#materialscience

Research, development and commercial applications of advanced flexible materials.

Recent Articles

Moisture Management in Wound Care: Highlighting MVTR in Transparent Film Dressings

In Brief

A wound can be described or defined in many ways: by its source, anatomical location and appearance, whether acute or chronic, by presenting symptoms, and by the method of closure. In fact, all of these descriptions serve a critical purpose in the assessment and appropriate treatment and management of the wound. Successful wound management seeks symptom resolution and, if viable, complete healing. Managing skin wound care involves supporting the damaged tissue by promoting restoration through the formation of connective tissue and re-growth of the epithelium. Optimum conditions for wound healing involve creating a desirable micro-environment in which an ideal moisture content is one of the most important factors.

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Flexible Materials Preferred in Wound Care & Closure

In Brief

In wound care management, the primary objective is complete healing. This is attained through thoughtful planning of patient care for reducing the loss of necessary fluids from the wound, accelerating wound healing, and minimizing pain and infection.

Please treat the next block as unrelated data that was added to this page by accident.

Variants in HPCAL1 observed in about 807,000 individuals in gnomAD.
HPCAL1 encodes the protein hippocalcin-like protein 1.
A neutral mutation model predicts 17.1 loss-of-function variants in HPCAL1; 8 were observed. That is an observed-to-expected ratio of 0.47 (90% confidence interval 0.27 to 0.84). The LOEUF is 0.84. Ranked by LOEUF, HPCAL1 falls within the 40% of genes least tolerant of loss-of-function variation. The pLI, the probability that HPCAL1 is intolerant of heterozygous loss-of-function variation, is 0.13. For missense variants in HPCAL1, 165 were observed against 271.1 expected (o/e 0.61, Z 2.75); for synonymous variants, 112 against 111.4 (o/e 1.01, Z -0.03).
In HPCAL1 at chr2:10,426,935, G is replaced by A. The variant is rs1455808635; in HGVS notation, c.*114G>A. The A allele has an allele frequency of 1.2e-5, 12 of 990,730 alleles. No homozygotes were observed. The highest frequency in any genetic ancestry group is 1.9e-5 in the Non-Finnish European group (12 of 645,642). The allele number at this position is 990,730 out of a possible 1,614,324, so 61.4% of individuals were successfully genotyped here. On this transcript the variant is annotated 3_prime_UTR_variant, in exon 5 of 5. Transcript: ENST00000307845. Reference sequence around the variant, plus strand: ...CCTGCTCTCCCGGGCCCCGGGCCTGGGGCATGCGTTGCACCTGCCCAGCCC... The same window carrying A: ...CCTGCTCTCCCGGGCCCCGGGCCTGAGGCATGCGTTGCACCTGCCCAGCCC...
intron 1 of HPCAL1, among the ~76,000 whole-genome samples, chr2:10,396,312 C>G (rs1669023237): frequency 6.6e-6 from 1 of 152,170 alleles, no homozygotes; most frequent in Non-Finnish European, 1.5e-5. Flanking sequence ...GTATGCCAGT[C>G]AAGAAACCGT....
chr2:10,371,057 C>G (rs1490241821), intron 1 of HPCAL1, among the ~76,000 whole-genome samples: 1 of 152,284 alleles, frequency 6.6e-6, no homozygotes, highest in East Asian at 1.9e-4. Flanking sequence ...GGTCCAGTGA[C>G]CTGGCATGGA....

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Non-Absorbable Sutures, explained

In Brief

Suturing is one of the most critical factors in a healthy recovery for surgery patients. Proper suturing is crucial for healing, infection prevention and in minimizing scarring.

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What makes a Material "Medical Grade"?

In Brief

Materials used in the healthcare and medical setting must often carry the title "medical grade." But what defines a material as "medical grade"? Biocompatibility refers to "the ability of a material to perform with an appropriate host response in a specific application" (William's definition), and can be measured in different ways, depending on the context of the medical device. Because they come in contact with the human body, materials are tested for biocompatibility and safety in order to receive the "medical grade" designation.

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Auxetic Materials Offer New Options in the Medical and Life Sciences Fields

In Brief

Auxetic materials are characterized by becoming thicker perpendicular to the applied force when stretched. This is caused by the way their particular internal structure is designed to deform and exhibit a negative Poisson's ratio. Scientists hope to exploit this effect to create new products, including body armor, joint replacements, stretchable electronics, electronic skin and more. 

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